The parsley, which I am not treating just as a micro green, I shall grow on some of the better seedlings, germinated very well but were, once again, horrendously leggy. With these I followed the advice of Alys Fowler (@alysfowler) on Twitter and spread more compost on top to cover the long spindly stems. I damaged one or two in the process but the rest really responded well and are now growing slowly but strongly. What excellent advice.

One comment I would make about micro greens is that the amount you can harvest from one tray is very small, you still need fully grown salad leaves to make a proper sized plateful. This just makes me all the more determined to over-winter salads successfully this year.

My apologies for the paucity of photographs, I have definitely been distracted by this stuff:

The potager is under here somewhere

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Brussels are not the only sprouts

I have signed up for the 52 Week Salad Challenge over on the Veg Plotting blog. The idea is to grow or forage salad ingredients every week of the year. This has been on my ‘Must Do’ list ever since I arrived in France, but, while during the summer it is easy, my good intentions slide quickly away as the nights grow shorter and colder. So I welcome this as an opportunity to try new things and learn what other people are doing.

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If you want to read about the challenge you will find the first explanatory post here. You can also follow our progress on Twitter via the #saladchat hash tag.

My contribution so far to the challenge is to sow seeds of mixed salad leaves, spinach and celery. These are sitting on a shelf just under a Velux where it should be both bright and warm. In addition I have restarted sprouting, something I have done intermittently for many years. For anyone who doesn’t know about sprouting there is an excellent introduction to it here on the Veg Plotting blog.

Sprouting

I have tended to be rather conservative in my choice of seeds to sprout, using mainly chick peas, mung beans and alfalfa. Chick peas are probably the easiest of all to do, being ready to eat within 2 days. At this stage the shoots are tiny but, in my opinion, at their best. The taste is like pea pods. I also prefer mung beans when the shoots are tiny, not like the Chinese bean sprouts. The sprouts of the tiny-seeded alfalfa, in contrast, need to be much longer when harvested. These are the ones in the jar closest to the camera in this picture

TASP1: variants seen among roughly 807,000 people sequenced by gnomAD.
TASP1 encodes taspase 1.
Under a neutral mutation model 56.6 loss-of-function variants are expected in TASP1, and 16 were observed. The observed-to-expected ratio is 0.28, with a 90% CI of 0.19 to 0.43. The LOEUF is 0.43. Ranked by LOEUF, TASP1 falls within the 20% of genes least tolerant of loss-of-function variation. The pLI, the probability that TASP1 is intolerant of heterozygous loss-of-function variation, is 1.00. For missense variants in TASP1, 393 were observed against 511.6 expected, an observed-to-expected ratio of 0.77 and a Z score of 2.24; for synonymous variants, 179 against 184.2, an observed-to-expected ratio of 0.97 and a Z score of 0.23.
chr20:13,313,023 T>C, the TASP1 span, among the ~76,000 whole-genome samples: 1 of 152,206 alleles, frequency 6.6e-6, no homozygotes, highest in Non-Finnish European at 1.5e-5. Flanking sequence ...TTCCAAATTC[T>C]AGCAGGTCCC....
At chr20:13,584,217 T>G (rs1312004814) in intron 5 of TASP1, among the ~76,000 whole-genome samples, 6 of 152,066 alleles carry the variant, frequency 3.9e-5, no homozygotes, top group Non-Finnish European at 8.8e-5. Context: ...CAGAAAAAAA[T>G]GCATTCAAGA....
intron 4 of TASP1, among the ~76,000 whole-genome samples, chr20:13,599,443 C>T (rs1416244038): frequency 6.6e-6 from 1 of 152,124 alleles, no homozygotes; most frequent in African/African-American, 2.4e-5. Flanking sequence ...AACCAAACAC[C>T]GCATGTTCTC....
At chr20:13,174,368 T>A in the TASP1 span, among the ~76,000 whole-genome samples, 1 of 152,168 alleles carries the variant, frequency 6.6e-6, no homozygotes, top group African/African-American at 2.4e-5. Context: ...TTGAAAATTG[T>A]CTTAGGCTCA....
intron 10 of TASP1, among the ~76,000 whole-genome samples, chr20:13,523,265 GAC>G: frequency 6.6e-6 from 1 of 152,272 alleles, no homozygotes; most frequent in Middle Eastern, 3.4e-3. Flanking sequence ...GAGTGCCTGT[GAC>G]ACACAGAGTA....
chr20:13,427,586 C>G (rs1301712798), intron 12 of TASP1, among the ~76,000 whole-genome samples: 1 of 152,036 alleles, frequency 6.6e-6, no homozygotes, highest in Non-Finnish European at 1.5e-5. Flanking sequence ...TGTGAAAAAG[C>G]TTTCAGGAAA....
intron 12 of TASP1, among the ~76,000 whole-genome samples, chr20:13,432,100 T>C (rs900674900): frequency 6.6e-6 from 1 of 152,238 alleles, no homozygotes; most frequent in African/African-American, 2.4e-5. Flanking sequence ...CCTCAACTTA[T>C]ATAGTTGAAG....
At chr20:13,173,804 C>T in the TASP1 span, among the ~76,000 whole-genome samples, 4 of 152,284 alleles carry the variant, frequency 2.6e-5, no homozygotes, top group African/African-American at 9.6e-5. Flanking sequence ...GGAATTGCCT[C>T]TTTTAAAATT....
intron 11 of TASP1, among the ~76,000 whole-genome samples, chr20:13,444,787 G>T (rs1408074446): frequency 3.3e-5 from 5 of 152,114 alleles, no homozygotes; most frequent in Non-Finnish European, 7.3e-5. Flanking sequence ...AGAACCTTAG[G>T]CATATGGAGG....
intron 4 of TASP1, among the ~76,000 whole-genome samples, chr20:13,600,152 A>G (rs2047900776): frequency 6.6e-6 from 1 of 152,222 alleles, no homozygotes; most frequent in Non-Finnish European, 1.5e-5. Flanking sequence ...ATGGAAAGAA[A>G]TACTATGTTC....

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and they have been growing for three days. I will probably leave them for a further two days. My favourite way to serve them is this salad, which probably came from Rose Elliot’s ‘Not Just A Load Of Old Lentils’ (which, sadly, I no longer have):

Carrot and Alfalfa Sprout Salad

Mix together equal quantities of grated carrot and alfalfa sprouts. Make a vinaigrette using grape seed oil and orange juice, add a small amount of acacia honey, mix and pour over the salad.

The other jar in the picture contains fenugreek seeds, which is a new one for me. We ate some at lunch and I found them a little underwhelming. But I do have a cold so perhaps the flavour couldn’t get through. I shall be trying other new sprouts such as lentils, beetroot and broccoli in the coming weeks. Sprouting is the simplest way to put something fresh on your plate. They are quick to reach harvest and you don’t even have to get your hands dirty. Why not try it for yourself?